Drug Policy as destructive foreign policy

Foreign Policy in Focus’ Laura Carlsen has a fascinating piece: Militarizing Mexico: The New War on Drugs

The U.S. model not only served to bolster the presidency. It has also proven useful as a tool for geopolitical control abroad. By elevating drug trafficking to a matter of national security, the war on drugs model has led to U.S. intervention in the politics of both drug-producing and transit nations. It has been used to justify the militarization of whole regions of foreign nations (Colombia), invasions to oust inconvenient foreign leaders (Panama), and now the extension of the U.S. security agenda into a neighboring country (Mexico).
By exporting its ‹war on drugs,Š the United States has pressured other nations to embrace U.S. national security interests as their own. This has been true from the beginning.

It’s been clear to most educated observers (and a few foreign leaders), that U.S. drug control policy and its promotion of drug policy through international treaty and the U.N. has been less about drugs than it has been about control.

Another concern that has arisen from the Colombian experience is that the ‹war on drugsŠ has a disturbing tendency to morph into a ‹war on terrorismŠ that increases U.S. military reach into foreign lands. Recall the expansion of Plan Colombia‰s anti-narcotics model into counter-terrorism activities. Since the U.S. government‰s definition of ‹terrorismŠ is both broad and ambiguous, this tendency has led to mission creep and the use of U.S. military aid to attack internal dissidence. For Mexico, the equation of immigration with terrorist threats to promote the U.S. strategy of militarizing the northern border provides a case study in how U.S. counter-terrorism programs lead to militarization, loss of national sovereignty, and violations of human rights. The new drug war provides a dangerous stepping stone in that process.

Again, not much new in the article to those of us educated in drug policy reform, but it’s good to see it articulated.
For a more sadly humorous look at the Mexican drug war, check out this amazing piece in the Dallas Morning News: Drug case could backfire in Mexico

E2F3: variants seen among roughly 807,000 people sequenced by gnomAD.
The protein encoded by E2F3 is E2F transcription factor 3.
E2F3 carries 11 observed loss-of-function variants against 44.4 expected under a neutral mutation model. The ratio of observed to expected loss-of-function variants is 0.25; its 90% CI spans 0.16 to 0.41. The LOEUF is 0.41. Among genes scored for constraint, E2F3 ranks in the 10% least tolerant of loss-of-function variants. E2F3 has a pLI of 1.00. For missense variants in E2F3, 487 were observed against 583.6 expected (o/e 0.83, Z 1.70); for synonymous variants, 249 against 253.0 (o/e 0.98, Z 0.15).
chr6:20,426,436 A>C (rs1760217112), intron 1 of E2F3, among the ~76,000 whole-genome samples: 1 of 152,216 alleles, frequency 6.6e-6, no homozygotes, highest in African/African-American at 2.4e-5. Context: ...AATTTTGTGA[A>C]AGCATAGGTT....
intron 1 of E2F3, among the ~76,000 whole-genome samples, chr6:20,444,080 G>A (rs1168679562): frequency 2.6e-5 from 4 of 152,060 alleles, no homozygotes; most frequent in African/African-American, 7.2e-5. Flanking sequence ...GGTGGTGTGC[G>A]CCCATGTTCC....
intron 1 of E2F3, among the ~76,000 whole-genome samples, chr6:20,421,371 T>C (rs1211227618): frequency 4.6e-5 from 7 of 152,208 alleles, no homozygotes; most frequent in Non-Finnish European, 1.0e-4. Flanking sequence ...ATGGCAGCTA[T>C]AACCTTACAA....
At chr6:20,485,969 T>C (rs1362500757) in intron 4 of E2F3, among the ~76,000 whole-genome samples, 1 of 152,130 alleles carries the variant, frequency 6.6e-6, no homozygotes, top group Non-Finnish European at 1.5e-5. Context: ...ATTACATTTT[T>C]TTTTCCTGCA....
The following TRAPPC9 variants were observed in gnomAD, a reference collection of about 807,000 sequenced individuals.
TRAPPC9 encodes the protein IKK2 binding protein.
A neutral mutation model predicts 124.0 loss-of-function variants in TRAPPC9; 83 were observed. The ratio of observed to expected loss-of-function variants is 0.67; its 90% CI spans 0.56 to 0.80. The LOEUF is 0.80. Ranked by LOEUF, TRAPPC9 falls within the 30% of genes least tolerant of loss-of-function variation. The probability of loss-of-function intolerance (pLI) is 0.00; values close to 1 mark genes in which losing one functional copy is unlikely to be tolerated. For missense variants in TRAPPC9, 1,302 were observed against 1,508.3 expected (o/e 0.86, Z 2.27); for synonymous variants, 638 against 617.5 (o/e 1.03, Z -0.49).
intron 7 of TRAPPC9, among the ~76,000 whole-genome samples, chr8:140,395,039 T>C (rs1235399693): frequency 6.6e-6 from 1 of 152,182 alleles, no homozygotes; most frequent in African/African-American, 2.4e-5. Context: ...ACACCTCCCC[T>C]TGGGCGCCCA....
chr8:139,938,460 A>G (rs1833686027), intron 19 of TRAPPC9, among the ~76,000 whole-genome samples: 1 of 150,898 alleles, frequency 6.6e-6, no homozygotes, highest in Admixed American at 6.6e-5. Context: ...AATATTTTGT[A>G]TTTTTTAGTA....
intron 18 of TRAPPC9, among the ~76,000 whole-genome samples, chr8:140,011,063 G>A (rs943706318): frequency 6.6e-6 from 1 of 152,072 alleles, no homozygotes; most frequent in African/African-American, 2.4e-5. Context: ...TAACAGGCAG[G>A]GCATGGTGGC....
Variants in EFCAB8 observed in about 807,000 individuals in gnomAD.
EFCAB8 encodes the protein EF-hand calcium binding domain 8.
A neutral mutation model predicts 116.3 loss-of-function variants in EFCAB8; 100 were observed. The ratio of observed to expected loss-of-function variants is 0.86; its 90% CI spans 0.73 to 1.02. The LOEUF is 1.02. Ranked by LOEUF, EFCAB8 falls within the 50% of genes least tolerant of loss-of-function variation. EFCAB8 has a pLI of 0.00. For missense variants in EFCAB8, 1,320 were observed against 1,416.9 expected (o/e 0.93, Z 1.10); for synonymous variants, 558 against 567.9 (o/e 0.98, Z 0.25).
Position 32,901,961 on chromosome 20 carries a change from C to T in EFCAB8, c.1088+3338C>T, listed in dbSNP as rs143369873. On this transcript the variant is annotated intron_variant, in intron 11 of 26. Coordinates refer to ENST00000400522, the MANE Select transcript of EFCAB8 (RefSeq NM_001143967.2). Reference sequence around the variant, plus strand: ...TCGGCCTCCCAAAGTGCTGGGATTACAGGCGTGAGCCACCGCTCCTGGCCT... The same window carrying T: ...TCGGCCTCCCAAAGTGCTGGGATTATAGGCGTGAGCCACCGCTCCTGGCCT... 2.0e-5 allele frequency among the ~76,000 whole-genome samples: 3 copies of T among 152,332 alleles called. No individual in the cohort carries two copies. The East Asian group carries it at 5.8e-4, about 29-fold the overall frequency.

Part of Calderon’s popularity in the drug war came from the seizure of $200 million and the hopes of the people that it would serve a good use. But there has been quite a bit of concern that it would all evaporate in a frenzy of corruption. That fear has not been eased:

But recent video images of the home’s owner š the Mexican nationalized Chinese native Zhenli Ye Gon š strolling New York streets and accusing the ruling party of using him to hoard its illegal money now threatens to taint the spectacular DEA-assisted seizure. […]
The official investigation against him and testimony from employees and relatives, including his jailed wife, suggest cozy ties among the Chinese businessman, politicians and even members of the military. Anti-drug police allegedly extorted bribes from him but also warned him to leave the country before the raid on his house.
Opposition parties have called for a congressional investigation into possible links between the ruling National Action Party, or PAN, and Mr. Ye Gon. On Wedneday, PAN legislators joined opposition members in calling for an investigation into the Ye Gon case.
As a result, the public no longer sees a $205 million blow against the drug cartels but a cesspool of collusion among drug operatives, politicians and government officials, analysts said.

“Cesspool.” Good word.

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